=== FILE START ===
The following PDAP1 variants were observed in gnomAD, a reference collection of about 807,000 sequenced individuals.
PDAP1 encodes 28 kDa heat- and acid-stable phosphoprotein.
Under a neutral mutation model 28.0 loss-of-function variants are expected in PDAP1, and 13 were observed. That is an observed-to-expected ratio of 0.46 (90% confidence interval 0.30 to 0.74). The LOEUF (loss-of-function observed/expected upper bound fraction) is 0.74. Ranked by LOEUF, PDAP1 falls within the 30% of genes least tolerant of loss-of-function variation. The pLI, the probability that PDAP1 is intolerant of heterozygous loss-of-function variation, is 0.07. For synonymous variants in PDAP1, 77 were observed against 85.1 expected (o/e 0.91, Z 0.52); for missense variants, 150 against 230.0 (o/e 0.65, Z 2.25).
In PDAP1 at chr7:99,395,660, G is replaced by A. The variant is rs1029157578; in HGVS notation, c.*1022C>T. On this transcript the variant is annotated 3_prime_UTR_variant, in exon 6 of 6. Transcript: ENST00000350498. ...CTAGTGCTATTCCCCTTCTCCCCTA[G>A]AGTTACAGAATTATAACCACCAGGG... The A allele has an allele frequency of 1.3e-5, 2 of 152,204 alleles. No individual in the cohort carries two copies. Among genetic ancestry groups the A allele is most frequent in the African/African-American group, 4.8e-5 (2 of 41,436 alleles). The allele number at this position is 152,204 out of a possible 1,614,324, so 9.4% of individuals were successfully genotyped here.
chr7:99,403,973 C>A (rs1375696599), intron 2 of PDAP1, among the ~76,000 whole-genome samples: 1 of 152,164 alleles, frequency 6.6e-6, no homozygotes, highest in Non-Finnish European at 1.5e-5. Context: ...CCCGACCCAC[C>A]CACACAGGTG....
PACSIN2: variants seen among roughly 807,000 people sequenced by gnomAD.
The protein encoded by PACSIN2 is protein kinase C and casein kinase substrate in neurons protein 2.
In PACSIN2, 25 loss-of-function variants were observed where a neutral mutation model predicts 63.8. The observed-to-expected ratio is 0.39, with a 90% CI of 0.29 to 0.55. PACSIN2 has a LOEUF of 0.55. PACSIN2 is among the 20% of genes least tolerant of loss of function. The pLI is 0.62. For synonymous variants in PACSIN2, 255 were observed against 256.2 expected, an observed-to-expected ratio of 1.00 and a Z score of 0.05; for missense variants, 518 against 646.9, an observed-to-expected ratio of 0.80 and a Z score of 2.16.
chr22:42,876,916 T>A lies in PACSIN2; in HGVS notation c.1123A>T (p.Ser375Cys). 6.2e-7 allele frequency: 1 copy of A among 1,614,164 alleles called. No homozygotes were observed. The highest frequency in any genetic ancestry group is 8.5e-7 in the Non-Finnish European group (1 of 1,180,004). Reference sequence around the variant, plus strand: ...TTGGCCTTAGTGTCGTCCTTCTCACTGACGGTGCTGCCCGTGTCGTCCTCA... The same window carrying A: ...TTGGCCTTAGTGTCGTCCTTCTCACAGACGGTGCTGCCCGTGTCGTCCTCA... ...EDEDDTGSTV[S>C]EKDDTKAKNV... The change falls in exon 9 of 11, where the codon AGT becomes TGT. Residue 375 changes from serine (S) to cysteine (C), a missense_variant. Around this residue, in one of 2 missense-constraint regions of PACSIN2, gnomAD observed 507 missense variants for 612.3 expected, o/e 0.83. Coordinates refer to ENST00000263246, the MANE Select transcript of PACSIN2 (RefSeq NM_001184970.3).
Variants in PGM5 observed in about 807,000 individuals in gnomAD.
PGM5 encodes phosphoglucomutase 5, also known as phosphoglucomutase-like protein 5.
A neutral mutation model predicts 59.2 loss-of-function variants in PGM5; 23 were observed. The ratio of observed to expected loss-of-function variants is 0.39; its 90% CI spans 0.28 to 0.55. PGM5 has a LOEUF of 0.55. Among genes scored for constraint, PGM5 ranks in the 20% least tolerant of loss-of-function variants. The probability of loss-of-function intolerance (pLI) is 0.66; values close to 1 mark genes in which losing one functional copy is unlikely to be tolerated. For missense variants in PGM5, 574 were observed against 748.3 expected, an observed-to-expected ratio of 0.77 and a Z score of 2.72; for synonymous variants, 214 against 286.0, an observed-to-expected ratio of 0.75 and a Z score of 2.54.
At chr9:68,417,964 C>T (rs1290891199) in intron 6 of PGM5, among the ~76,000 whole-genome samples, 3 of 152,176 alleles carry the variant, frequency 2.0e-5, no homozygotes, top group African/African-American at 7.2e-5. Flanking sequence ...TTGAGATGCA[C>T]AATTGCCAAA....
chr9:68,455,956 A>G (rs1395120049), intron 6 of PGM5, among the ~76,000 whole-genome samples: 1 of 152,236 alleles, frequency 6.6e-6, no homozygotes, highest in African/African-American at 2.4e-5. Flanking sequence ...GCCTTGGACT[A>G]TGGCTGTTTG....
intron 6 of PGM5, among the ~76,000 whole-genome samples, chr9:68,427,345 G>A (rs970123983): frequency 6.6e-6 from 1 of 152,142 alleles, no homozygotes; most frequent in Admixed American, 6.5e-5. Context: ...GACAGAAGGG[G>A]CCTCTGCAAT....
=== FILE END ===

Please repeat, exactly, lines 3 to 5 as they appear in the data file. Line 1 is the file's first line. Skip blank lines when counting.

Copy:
Under a neutral mutation model 28.0 loss-of-function variants are expected in PDAP1, and 13 were observed. That is an observed-to-expected ratio of 0.46 (90% confidence interval 0.30 to 0.74). The LOEUF (loss-of-function observed/expected upper bound fraction) is 0.74. Ranked by LOEUF, PDAP1 falls within the 30% of genes least tolerant of loss-of-function variation. The pLI, the probability that PDAP1 is intolerant of heterozygous loss-of-function variation, is 0.07. For synonymous variants in PDAP1, 77 were observed against 85.1 expected (o/e 0.91, Z 0.52); for missense variants, 150 against 230.0 (o/e 0.65, Z 2.25).
In PDAP1 at chr7:99,395,660, G is replaced by A. The variant is rs1029157578; in HGVS notation, c.*1022C>T. On this transcript the variant is annotated 3_prime_UTR_variant, in exon 6 of 6. Transcript: ENST00000350498. ...CTAGTGCTATTCCCCTTCTCCCCTA[G>A]AGTTACAGAATTATAACCACCAGGG... The A allele has an allele frequency of 1.3e-5, 2 of 152,204 alleles. No individual in the cohort carries two copies. Among genetic ancestry groups the A allele is most frequent in the African/African-American group, 4.8e-5 (2 of 41,436 alleles). The allele number at this position is 152,204 out of a possible 1,614,324, so 9.4% of individuals were successfully genotyped here.
chr7:99,403,973 C>A (rs1375696599), intron 2 of PDAP1, among the ~76,000 whole-genome samples: 1 of 152,164 alleles, frequency 6.6e-6, no homozygotes, highest in Non-Finnish European at 1.5e-5. Context: ...CCCGACCCAC[C>A]CACACAGGTG....